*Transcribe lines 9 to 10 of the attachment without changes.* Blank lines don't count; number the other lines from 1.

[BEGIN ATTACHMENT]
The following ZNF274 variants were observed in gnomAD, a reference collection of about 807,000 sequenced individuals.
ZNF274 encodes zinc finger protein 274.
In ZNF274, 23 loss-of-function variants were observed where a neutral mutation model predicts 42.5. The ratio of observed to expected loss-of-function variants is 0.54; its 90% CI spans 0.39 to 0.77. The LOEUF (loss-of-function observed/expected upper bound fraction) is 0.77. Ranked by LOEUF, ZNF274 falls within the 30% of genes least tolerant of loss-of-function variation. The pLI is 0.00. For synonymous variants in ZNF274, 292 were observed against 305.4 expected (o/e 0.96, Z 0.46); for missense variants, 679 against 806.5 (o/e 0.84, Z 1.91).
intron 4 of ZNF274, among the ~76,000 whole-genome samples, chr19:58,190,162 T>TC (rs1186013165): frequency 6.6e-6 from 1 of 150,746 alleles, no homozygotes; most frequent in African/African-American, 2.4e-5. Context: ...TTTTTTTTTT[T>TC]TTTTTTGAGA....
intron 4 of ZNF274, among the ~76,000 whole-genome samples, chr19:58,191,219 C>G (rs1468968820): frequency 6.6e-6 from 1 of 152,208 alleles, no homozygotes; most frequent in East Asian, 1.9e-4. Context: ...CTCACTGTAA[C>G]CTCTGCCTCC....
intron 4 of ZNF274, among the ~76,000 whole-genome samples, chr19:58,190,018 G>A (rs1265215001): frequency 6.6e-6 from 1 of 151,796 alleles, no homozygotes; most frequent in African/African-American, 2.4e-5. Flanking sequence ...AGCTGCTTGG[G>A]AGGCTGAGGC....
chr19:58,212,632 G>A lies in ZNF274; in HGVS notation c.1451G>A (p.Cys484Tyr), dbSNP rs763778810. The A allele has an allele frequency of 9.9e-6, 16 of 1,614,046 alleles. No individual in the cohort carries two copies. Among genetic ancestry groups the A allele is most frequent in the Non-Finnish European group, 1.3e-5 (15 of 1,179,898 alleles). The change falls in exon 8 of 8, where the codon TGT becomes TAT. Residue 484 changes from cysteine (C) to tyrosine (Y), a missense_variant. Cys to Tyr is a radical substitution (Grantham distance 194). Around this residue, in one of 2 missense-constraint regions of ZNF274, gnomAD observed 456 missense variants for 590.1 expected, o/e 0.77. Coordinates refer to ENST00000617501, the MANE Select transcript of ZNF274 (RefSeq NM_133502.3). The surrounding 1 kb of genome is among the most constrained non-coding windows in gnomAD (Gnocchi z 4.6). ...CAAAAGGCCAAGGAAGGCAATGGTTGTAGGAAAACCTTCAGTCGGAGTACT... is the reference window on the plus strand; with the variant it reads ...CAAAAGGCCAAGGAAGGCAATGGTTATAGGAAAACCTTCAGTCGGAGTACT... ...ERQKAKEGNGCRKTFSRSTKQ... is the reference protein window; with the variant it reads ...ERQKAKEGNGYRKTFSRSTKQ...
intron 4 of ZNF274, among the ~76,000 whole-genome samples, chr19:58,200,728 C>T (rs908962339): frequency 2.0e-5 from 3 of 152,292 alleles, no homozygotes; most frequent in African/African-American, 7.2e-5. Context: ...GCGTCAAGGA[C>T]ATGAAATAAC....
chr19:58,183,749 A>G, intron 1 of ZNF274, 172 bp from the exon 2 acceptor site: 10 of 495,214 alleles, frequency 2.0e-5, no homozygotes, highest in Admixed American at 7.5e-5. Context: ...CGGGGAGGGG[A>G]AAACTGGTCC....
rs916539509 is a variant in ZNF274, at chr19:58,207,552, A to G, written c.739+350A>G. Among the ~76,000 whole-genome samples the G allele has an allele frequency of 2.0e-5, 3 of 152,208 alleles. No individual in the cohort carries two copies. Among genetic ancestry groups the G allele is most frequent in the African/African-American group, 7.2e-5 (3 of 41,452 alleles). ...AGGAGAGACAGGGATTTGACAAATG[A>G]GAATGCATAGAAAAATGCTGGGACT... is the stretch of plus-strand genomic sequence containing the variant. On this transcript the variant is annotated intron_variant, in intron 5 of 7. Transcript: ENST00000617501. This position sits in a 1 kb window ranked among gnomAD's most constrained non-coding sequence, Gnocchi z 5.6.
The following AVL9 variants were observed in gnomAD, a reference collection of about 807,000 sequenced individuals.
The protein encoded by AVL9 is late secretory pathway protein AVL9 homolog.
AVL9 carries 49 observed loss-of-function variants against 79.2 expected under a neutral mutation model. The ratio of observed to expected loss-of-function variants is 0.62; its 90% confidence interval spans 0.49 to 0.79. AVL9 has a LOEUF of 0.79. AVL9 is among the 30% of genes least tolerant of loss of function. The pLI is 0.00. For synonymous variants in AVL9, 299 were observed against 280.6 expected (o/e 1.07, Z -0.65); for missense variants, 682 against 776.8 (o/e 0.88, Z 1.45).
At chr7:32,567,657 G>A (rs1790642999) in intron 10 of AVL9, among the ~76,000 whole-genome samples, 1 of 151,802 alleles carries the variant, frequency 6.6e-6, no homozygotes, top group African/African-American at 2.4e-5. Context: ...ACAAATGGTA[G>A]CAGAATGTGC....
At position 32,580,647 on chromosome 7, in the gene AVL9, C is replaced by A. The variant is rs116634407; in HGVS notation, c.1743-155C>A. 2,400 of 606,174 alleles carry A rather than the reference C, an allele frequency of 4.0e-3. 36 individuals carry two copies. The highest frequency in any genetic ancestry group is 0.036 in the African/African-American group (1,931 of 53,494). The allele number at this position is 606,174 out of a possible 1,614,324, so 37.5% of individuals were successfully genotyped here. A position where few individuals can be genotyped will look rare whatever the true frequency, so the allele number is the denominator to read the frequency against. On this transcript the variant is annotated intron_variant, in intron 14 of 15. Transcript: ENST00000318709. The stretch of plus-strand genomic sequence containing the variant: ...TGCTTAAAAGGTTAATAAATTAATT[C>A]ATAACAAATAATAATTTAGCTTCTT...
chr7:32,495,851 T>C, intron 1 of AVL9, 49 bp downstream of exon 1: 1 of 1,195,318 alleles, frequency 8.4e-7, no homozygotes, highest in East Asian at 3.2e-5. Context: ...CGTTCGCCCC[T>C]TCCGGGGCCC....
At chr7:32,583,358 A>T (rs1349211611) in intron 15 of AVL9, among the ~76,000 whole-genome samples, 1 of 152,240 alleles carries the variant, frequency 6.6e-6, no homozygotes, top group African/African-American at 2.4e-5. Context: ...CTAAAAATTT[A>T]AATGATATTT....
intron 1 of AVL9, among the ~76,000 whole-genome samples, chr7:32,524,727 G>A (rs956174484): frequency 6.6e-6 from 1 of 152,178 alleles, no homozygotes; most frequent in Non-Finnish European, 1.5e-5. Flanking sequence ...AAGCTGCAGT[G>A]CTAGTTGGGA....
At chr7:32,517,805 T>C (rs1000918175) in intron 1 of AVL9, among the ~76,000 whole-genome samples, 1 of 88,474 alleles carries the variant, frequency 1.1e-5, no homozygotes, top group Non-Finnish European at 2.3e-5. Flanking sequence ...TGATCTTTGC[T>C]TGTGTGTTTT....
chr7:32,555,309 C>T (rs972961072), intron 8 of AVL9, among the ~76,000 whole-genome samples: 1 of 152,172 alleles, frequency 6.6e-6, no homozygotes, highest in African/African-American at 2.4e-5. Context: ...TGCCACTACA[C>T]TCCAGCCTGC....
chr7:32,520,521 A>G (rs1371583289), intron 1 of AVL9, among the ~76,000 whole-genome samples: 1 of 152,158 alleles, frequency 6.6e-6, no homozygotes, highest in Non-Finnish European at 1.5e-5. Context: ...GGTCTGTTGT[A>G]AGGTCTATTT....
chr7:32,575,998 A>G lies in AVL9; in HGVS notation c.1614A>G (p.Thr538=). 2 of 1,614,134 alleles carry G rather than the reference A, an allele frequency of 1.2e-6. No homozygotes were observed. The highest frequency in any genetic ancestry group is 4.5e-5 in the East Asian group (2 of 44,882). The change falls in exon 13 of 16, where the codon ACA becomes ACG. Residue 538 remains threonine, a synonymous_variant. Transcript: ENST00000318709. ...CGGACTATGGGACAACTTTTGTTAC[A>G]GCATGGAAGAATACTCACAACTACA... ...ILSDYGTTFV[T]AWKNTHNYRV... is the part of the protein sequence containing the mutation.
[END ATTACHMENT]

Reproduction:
chr19:58,183,749 A>G, intron 1 of ZNF274, 172 bp from the exon 2 acceptor site: 10 of 495,214 alleles, frequency 2.0e-5, no homozygotes, highest in Admixed American at 7.5e-5. Context: ...CGGGGAGGGG[A>G]AAACTGGTCC....
rs916539509 is a variant in ZNF274, at chr19:58,207,552, A to G, written c.739+350A>G. Among the ~76,000 whole-genome samples the G allele has an allele frequency of 2.0e-5, 3 of 152,208 alleles. No individual in the cohort carries two copies. Among genetic ancestry groups the G allele is most frequent in the African/African-American group, 7.2e-5 (3 of 41,452 alleles). ...AGGAGAGACAGGGATTTGACAAATG[A>G]GAATGCATAGAAAAATGCTGGGACT... is the stretch of plus-strand genomic sequence containing the variant. On this transcript the variant is annotated intron_variant, in intron 5 of 7. Transcript: ENST00000617501. This position sits in a 1 kb window ranked among gnomAD's most constrained non-coding sequence, Gnocchi z 5.6.